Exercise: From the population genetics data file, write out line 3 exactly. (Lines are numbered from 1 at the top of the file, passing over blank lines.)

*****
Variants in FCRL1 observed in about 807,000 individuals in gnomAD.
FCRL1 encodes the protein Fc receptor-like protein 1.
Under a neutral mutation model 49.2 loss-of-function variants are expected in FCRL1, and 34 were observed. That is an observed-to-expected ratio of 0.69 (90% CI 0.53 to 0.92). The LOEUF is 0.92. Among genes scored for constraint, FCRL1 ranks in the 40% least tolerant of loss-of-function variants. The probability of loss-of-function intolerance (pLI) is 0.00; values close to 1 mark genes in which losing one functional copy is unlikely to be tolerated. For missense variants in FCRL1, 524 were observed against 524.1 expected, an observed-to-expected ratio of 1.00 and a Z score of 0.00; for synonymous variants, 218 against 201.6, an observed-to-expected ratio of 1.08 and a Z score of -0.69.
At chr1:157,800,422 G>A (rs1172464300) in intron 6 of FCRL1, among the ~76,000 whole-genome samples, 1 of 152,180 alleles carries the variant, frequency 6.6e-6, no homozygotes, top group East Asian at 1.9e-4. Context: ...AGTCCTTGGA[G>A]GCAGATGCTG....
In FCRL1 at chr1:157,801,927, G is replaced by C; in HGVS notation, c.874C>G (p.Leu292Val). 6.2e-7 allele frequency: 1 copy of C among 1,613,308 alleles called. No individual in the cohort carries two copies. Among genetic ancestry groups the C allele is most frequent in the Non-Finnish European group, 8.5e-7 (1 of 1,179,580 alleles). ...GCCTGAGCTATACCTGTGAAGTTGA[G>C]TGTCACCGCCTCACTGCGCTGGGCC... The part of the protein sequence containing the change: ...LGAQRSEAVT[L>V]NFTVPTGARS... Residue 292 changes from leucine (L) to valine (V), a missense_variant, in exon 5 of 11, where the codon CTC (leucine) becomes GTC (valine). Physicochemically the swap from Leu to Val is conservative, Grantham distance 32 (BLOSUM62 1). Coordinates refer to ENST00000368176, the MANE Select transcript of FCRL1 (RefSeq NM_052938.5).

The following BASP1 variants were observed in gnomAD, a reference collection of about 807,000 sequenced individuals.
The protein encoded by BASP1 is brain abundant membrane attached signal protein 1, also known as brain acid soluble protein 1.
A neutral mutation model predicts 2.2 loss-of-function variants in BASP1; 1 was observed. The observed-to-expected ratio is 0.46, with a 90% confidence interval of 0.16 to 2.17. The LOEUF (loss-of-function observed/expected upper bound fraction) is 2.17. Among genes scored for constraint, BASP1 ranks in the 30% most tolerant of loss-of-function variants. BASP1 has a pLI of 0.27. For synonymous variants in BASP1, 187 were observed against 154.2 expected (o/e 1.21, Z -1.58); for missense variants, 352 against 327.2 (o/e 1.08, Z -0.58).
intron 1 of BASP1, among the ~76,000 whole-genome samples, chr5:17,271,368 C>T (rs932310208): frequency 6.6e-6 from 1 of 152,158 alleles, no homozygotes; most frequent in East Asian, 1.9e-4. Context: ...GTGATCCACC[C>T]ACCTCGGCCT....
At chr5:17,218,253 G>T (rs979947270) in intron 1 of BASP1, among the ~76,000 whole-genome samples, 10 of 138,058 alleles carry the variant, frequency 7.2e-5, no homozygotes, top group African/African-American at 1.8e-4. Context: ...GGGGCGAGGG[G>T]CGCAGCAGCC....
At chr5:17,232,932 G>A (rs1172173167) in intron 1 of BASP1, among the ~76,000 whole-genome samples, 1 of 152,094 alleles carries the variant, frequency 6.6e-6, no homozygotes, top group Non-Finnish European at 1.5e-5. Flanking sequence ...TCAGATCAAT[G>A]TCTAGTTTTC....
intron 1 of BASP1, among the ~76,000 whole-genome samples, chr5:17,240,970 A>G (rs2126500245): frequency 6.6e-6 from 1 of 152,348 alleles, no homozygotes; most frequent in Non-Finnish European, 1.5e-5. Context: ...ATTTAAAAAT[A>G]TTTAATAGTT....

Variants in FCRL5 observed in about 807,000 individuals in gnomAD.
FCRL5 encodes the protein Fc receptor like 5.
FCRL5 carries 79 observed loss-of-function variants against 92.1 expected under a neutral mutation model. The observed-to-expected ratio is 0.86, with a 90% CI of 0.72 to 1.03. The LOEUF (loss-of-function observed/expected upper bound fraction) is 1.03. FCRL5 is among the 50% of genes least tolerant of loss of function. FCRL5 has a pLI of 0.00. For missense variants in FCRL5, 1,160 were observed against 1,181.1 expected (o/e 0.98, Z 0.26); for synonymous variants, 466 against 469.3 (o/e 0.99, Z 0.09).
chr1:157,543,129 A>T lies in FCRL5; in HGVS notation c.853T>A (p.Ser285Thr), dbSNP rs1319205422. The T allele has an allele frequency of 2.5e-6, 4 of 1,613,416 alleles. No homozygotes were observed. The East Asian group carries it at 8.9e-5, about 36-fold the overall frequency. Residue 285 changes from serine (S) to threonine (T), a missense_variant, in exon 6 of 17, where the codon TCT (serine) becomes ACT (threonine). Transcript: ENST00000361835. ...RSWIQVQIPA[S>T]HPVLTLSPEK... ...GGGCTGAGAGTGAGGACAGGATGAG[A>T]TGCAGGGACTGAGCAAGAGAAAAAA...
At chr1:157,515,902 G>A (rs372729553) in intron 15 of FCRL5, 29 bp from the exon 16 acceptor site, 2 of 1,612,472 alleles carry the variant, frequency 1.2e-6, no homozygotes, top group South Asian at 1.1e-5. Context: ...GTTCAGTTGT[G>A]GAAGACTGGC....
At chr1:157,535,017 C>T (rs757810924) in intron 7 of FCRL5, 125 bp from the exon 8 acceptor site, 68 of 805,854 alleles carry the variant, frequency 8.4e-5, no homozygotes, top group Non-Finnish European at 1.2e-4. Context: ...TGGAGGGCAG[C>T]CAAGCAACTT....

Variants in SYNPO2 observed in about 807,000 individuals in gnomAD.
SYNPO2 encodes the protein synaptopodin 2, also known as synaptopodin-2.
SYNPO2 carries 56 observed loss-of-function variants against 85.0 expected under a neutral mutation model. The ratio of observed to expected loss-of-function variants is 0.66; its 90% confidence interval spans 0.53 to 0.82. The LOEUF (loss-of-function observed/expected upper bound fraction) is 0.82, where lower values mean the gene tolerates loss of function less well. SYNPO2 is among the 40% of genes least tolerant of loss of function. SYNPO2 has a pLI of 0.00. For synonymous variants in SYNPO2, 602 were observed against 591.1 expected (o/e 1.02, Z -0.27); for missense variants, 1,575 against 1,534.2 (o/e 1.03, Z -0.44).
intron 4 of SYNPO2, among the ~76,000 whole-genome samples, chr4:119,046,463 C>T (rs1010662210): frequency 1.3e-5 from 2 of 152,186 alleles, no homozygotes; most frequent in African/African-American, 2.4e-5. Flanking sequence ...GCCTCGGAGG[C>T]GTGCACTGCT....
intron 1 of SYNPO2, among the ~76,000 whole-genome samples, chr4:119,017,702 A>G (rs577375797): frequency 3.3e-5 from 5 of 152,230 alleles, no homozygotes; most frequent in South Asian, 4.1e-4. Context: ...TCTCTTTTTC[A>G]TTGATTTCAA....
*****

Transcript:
Under a neutral mutation model 49.2 loss-of-function variants are expected in FCRL1, and 34 were observed. That is an observed-to-expected ratio of 0.69 (90% CI 0.53 to 0.92). The LOEUF is 0.92. Among genes scored for constraint, FCRL1 ranks in the 40% least tolerant of loss-of-function variants. The probability of loss-of-function intolerance (pLI) is 0.00; values close to 1 mark genes in which losing one functional copy is unlikely to be tolerated. For missense variants in FCRL1, 524 were observed against 524.1 expected, an observed-to-expected ratio of 1.00 and a Z score of 0.00; for synonymous variants, 218 against 201.6, an observed-to-expected ratio of 1.08 and a Z score of -0.69.